The Philanthropists: Symeria Hudson

Symeria Hudson

CEO, United Way Miami

Charity Highlights

• United Way Miami: The venerable organization with modern pillars in education, health and financial stability hired Symeria in early August as its president and CEO. Renowned as an innovator throughout her career—including two-plus decades (in the United States and Europe) leading franchises and product portfolios in the health care medical technology sector—she promises a similar foundation with United Way. She embarked on that process by meeting with more than 200 stakeholders (employees, donors, board members, community partners) in her first two months alone. “I believe in listening—and we work with a lot of smart people,” she says. “I want to learn from them, sift through the insights and put together the best strategy.” (unitedwaymiami.org)

• Chapman Partnership: For nearly four years, Symeria served as CEO of the organization that provides comprehensive services to individuals and families facing homelessness in Miami-Dade County. One of her initiatives involved a workforce program, Social Enterprise Academy, that provides the homeless with upskilling and soft-skill training, tools designed to improve their ability to become self-sufficient. (chapmanpartnership.org)

Honoring the Past: Symeria grew up in public housing in Huntsville, Alabama, the daughter of a hard-working single mother whose example alone instilled values of integrity and service in her children. A graduate of Alabama A&M University and Harvard Business School (where she earned her MBA), Symeria spent 25 years in the private sector before having a professional epiphany.

“I realized that I needed to be on the frontlines, working to help make my community better and draw upon that service spirit instilled in me by my mother. I’m excited to be part of an organization that invests in programs and provides services that I benefitted from throughout my life,” she says of United Way, which celebrates a century of serving the Miami-Dade community in 2024. “It’s truly a full-circle moment for me.”

Opportunity Knocks: “Chapman Partnership was my first love, my passion. But this is a greater opportunity to help a bigger segment of the population,” Symeria says. “There are so many people in need in Miami-Dade County—people who, if they missed one paycheck, could very well need a place like Chapman.

“At United Way, we know them as ALICE (Asset Limited, Income Constrained, Employed), and they are the backbone of our workforce—they’re retail clerks, cashiers, sanitation workers, people whose wages cannot keep up with rising costs. Since they earn just above the poverty level, they are often locked out of assistance programs such as food stamps, Medicaid and housing subsidies. Many do not realize that these households make up 37 percent of Miami-Dade County—54 percent when combined with those in poverty. This group is often forgotten and left behind.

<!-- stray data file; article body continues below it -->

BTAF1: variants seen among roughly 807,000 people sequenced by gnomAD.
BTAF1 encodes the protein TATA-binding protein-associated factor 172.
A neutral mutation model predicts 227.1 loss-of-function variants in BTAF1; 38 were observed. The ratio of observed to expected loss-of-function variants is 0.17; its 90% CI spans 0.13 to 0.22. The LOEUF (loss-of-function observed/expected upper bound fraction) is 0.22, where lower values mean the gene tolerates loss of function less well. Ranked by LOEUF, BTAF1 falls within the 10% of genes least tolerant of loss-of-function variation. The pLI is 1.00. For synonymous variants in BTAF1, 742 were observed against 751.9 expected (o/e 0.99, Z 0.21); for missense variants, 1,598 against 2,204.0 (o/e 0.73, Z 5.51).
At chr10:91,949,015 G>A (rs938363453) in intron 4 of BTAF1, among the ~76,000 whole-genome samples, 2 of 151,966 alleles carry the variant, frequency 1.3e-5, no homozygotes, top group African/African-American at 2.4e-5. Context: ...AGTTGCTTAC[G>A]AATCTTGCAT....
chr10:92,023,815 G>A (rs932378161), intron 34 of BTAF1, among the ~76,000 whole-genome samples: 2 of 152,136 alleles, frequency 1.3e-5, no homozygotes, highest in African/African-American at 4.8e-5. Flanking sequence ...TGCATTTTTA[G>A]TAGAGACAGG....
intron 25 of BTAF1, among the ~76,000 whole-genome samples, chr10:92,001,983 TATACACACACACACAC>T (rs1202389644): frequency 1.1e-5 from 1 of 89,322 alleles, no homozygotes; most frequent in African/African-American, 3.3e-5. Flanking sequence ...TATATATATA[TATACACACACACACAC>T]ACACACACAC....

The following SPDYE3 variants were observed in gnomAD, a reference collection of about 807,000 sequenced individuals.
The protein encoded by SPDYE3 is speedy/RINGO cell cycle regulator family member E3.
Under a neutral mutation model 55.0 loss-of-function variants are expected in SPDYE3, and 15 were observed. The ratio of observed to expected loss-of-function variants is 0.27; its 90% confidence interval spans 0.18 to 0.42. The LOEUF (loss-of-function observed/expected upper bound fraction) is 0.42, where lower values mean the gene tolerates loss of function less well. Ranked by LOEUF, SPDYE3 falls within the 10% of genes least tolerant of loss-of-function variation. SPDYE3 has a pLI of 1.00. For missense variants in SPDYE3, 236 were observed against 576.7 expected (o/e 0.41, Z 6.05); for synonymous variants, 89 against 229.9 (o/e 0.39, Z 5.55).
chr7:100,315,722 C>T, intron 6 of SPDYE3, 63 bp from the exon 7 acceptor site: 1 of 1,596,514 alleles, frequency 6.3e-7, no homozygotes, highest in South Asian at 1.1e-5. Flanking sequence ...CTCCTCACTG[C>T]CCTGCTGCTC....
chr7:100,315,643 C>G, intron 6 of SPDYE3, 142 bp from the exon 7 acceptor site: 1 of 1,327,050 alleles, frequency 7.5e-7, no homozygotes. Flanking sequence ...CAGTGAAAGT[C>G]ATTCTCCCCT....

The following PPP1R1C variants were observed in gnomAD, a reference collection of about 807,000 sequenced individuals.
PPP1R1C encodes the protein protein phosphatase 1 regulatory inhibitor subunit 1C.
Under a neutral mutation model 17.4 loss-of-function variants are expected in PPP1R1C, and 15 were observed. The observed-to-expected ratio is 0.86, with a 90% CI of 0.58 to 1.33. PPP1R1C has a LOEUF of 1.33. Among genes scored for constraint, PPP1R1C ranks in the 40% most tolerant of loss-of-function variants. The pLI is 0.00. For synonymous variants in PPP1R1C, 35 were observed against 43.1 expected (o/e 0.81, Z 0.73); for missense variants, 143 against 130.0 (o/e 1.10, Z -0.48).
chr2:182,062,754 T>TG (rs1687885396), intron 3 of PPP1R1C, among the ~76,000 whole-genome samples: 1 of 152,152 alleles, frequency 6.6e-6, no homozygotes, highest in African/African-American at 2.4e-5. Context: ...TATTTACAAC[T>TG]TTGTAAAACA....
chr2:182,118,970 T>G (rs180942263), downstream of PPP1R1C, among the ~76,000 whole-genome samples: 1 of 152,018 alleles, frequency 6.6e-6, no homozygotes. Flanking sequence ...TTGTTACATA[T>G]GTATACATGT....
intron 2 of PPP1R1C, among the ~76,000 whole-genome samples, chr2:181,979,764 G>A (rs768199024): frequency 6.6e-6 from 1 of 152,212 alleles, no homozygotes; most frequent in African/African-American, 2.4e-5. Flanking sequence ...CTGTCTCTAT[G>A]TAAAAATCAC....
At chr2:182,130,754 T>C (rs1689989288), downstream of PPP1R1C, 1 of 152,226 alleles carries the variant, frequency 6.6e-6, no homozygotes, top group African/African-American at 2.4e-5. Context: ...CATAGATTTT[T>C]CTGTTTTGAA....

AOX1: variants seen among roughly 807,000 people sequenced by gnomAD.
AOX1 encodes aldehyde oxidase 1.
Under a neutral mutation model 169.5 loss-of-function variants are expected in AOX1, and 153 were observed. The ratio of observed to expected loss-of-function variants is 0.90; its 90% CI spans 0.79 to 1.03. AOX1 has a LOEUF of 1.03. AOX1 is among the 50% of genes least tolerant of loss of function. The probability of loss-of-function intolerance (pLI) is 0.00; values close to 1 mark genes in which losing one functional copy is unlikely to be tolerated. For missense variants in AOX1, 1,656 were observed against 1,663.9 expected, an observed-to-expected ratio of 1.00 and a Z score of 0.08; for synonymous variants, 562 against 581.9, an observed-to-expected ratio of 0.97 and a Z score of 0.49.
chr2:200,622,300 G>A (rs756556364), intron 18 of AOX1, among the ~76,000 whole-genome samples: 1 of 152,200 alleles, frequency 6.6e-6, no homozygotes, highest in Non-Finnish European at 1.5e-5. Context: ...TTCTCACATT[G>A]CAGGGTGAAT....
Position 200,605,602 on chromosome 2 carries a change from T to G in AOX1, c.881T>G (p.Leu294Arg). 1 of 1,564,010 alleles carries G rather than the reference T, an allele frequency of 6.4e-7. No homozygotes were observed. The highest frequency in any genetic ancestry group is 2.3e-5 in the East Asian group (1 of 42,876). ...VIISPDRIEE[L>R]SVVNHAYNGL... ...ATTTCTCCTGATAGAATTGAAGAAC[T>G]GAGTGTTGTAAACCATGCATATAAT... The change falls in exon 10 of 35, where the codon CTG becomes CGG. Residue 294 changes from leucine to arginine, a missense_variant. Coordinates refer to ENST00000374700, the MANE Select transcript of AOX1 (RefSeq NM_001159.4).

“This is one of many reasons I was drawn to working at United Way Miami. I’m going further upstream—and trying to catch people before they fall into that situation.”

An Example Speaks Volumes: United Way Miami invests in more than 100 programs at 64 agency partners throughout the county. But one of the core programs that Symeria feels truly highlights the organization’s mission is the Center for Excellence in Early Education, a cutting-edge learning, teaching and training initiative dedicated to elevating the quality of early care and education.

“As the mother of a 4-year-old son, I understand how important quality education is,” she says. “The Center houses many initiatives that reach far into the community, including the acclaimed, mixed-income preschool known as Educare of Miami-Dade. Not only does the school incorporate the most innovative educational strategies into its curriculum for children ranging from infancy to age 4, but it serves as a model and demonstrates best practices to aspiring educators and facilities from around the world.”

The Last Word: “My experience in philanthropy has allowed me to live the core values [from her youth] in a more impactful way. It’s allowed me to use my experience and skills for a greater purpose. It’s made me a more compassionate person. And it’s motivated me to teach my son the same values my mother taught me.”

Photography by Eduardo Schneider

Creative direction by Melanie Geronemus Smit

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